Freakonomics Poll: Should Being a Parent Require a License?

Toward the end of our latest Freakonomics Radio podcast, “The Economist’s Guide to Parenting,” Steve Levitt points to the loads of social science research demonstrating that the one sure-fire way to have a bad life, is to have a mother who doesn’t love you. Which brings him to a rather radical point: should parenting be licensed? Here’s a bit from the transcript:

LEVITT:There’s a lot of research on un-wantedness and tremendous historical data sets from social science of the last fifty years that suggest that if your mother doesn’t love you, nothing good will happen to you in life. The lowest common denominator for having a kid who turns out well is the kid being loved. And if I were president for a day, maybe dictator for a day, one of the first things that I might do would be to make it harder to be a parent, to make the standards for being a parent more difficult. You should have to demonstrate some proficiency at parenting perhaps to be a parent.

DUBNER: So, you need to get licensed, let’s say?

LEVITT: Yeah. I mean, we make people prove they can parallel park before they can get a driver’s license, maybe we should make people prove that they can interact in a productive way in teaching their kid. Now there’s nothing more un-American than intervening in the family. People just hate the idea of big government looking over their shoulder and telling them how to be parents.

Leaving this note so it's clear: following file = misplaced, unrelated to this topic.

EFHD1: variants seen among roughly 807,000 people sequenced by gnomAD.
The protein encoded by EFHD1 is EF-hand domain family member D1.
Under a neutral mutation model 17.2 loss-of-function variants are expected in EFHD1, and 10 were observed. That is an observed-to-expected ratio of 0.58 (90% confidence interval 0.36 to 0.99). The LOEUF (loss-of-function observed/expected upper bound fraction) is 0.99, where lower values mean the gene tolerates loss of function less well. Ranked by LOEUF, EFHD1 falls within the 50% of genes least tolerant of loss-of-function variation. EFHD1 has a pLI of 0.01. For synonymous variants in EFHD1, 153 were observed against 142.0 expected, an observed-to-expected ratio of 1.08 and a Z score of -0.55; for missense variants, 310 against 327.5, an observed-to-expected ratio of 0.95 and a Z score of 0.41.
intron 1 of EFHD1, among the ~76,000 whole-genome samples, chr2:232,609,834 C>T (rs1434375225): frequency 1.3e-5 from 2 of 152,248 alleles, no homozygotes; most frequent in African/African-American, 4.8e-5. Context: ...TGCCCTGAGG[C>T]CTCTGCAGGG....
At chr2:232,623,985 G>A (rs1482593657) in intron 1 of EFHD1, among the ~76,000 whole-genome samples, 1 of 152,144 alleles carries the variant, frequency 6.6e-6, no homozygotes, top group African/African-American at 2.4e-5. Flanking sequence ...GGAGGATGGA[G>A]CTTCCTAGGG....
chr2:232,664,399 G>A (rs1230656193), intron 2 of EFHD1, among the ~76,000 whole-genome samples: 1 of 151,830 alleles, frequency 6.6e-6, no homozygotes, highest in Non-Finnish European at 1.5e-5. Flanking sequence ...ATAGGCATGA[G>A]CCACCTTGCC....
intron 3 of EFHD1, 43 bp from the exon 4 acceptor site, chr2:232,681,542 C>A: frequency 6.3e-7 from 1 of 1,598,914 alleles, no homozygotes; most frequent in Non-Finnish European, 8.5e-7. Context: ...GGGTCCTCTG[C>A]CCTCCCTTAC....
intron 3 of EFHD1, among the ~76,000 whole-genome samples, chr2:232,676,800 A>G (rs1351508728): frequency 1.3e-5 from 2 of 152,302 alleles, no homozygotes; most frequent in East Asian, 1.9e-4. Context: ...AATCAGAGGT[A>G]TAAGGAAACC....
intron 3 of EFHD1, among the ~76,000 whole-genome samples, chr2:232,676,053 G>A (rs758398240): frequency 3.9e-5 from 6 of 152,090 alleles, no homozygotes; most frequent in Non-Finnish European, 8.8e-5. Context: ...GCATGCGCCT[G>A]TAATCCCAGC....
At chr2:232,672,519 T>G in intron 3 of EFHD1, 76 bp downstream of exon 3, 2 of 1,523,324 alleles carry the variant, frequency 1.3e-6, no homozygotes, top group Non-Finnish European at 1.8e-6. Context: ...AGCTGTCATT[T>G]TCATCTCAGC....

DUBNER: And you’re not a big government guy by any stretch.

LEVITT: No, I hate big government. But on the other hand, I could imagine there being a sensible set of things that you would want to do to make sure that people were ready to be better parents.

We thought we’d put the question to our readers with a Freakonomics Poll.

Should You Have to Get a License to be a Parent?

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  1. AaronS says:

    Hidden due to low comment rating. Click here to see.

    Disliked! Like or Dislike: Thumb up 5 Thumb down 13
    • AaronS says:

      Hidden? Hmmm, I see now why we have a problem.

      This makes all the sense in the world. Oh, wait, now I get it.

      Thumb up 0 Thumb down 1
  2. PN says:

    The thing is… there is really no reliable way of predicting or indeed measuring the competencies of a parent until they’ve actually had a child…

    Thumb up 5 Thumb down 1
  3. Tim Dellinger says:

    Parenthood has an interesting built-in bias with respect to the mechanisms of human procreation:

    The careless will always outbreed the careful.

    Well-loved. Like or Dislike: Thumb up 14 Thumb down 0
  4. Geoff says:

    Fascism: a “great idea” enforced by the state upon the masses for the universal good.

    Well-loved. Like or Dislike: Thumb up 7 Thumb down 2
  5. Beamish says:

    I never took the suggestion literally – even when Keanu Reeves suggested it in _Parenthood._